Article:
President Donald Trump’s administration will seek to slash spending on affordable housing and community development programs, a plan that housing advocates condemned as “immoral” and a blow to voters who sent him to the White House.
The administration is seeking to cut spending on affordable housing and community development and wants mortgage lenders to fund technology fixes at the Department of Housing and Urban Development, according to a budget draft obtained by POLITICO. The proposal also eliminates the Housing Trust Fund, a program financed by Fannie Mae and Freddie Mac profits.
In all, the request cuts funding by some $6 billion for fiscal year 2018, to about $40 billion. The draft, dated May 4, might not reflect the administration’s final spending request, which is expected next week. A HUD spokesman did not respond to requests for comment.
The document puts increased responsibility on state and local governments and calls for the private sector to do more to meet community needs, a key goal of HUD Secretary Ben Carson.
The budget “recognizes a greater role for state and local governments and the private sector in addressing community development and affordable housing needs,” the document states.
Skeptics say some of those programs exist precisely because private money hasn’t stepped up.
“Private companies won’t build water and sewer; they expect the cities and counties and states to provide this infrastructure,” said Matt Chase, executive director of the National Association of Counties.
“They’ve taken the Heritage Foundation budget, and we’re trying to educate them on the real-world impact,” Chase said. “This is no longer a think tank exercise.”
The biggest cut would eliminate the $3 billion Community Development Block Grant program, a state and local entitlement that benefits low- and moderate-income communities. The grants support a range of economic development projects, including roads, sewers and housing.
The document also zeros out Choice Neighborhoods revitalization grants and the HOME Investment Partnerships Program, which leverages private funds to expand the supply of affordable housing.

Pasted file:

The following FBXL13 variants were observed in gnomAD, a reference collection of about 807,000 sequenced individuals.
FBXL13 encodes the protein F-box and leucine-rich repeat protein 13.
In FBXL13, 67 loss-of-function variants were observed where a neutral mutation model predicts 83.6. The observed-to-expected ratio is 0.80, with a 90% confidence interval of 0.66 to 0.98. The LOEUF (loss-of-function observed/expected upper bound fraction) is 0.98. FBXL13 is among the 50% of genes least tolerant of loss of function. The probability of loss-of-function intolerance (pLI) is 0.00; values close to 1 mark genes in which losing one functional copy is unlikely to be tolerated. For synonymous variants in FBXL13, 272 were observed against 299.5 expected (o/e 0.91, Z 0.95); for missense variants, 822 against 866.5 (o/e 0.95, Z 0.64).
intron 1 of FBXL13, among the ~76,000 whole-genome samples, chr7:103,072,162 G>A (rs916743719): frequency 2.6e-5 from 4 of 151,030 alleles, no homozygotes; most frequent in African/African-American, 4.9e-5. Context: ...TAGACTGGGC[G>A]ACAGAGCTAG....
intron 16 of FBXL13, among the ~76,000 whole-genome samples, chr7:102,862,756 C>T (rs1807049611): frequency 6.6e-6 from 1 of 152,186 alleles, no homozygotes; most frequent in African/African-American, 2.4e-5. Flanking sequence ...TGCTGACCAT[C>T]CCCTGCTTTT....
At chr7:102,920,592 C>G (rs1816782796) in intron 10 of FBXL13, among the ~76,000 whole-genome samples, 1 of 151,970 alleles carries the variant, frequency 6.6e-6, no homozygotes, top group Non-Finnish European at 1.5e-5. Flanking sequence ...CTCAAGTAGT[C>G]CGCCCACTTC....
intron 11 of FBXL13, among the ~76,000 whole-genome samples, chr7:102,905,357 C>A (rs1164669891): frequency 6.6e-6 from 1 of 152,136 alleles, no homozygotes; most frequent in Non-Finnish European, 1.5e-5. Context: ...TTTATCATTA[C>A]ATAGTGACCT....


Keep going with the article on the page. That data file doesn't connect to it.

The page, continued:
Rental assistance to tenants would fall by $974 million, to $19.3 billion, with the elimination of a housing program for veterans and reduced spending on Section 8 and other voucher programs. Capital funding for public housing would fall by two-thirds.
Diane Yentel, president of the National Low Income Housing Coalition, called the spending plan “immoral.”
“The budget reflects a cruel indifference to the millions of low-income seniors, people with disabilities, families with children, veterans, and other vulnerable people who are struggling to keep a roof over their heads,” Yentel said.
Cuts to HUD’s safety net and development spending, combined with reductions at other agencies, will hit rural communities the hardest, Chase said.
“These chainsaw cuts go across the budget,” Chase said. “All these programs were to help build community infrastructure for people and places that have been left behind.”
HUD’s mortgage agencies, which help low-income borrowers buy homes, would get small funding increases. The administration wants to levy $30 million in fees on lenders who sell mortgages through the Federal Housing Administration, money that would be used to upgrade technology and risk-management systems.
The budget includes a slight increase in staffing for Ginnie Mae, which pools and sells FHA loans and is second-largest provider of U.S. mortgage liquidity.
The draft budget maintains funding to support and enforce the Fair Housing Act, a Civil Rights-era law to end housing discrimination. Before becoming HUD secretary, Carson had called a recent fair housing rule a “social-engineering” scheme.